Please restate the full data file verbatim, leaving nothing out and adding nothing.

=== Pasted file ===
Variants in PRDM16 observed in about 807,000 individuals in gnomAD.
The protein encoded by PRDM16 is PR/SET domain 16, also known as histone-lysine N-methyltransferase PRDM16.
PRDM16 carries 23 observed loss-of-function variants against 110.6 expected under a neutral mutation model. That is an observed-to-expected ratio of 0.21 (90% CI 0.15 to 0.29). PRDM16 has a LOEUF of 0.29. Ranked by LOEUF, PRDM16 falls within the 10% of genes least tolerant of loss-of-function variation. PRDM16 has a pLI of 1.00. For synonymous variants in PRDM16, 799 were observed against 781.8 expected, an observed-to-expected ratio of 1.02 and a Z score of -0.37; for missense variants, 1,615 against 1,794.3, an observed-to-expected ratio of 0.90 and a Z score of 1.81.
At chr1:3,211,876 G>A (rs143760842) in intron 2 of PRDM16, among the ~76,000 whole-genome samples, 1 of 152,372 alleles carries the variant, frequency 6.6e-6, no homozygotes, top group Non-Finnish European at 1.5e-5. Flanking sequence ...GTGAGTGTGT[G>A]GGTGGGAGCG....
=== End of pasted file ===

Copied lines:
Variants in PRDM16 observed in about 807,000 individuals in gnomAD.
The protein encoded by PRDM16 is PR/SET domain 16, also known as histone-lysine N-methyltransferase PRDM16.
PRDM16 carries 23 observed loss-of-function variants against 110.6 expected under a neutral mutation model. That is an observed-to-expected ratio of 0.21 (90% CI 0.15 to 0.29). PRDM16 has a LOEUF of 0.29. Ranked by LOEUF, PRDM16 falls within the 10% of genes least tolerant of loss-of-function variation. PRDM16 has a pLI of 1.00. For synonymous variants in PRDM16, 799 were observed against 781.8 expected, an observed-to-expected ratio of 1.02 and a Z score of -0.37; for missense variants, 1,615 against 1,794.3, an observed-to-expected ratio of 0.90 and a Z score of 1.81.
At chr1:3,211,876 G>A (rs143760842) in intron 2 of PRDM16, among the ~76,000 whole-genome samples, 1 of 152,372 alleles carries the variant, frequency 6.6e-6, no homozygotes, top group Non-Finnish European at 1.5e-5. Flanking sequence ...GTGAGTGTGT[G>A]GGTGGGAGCG....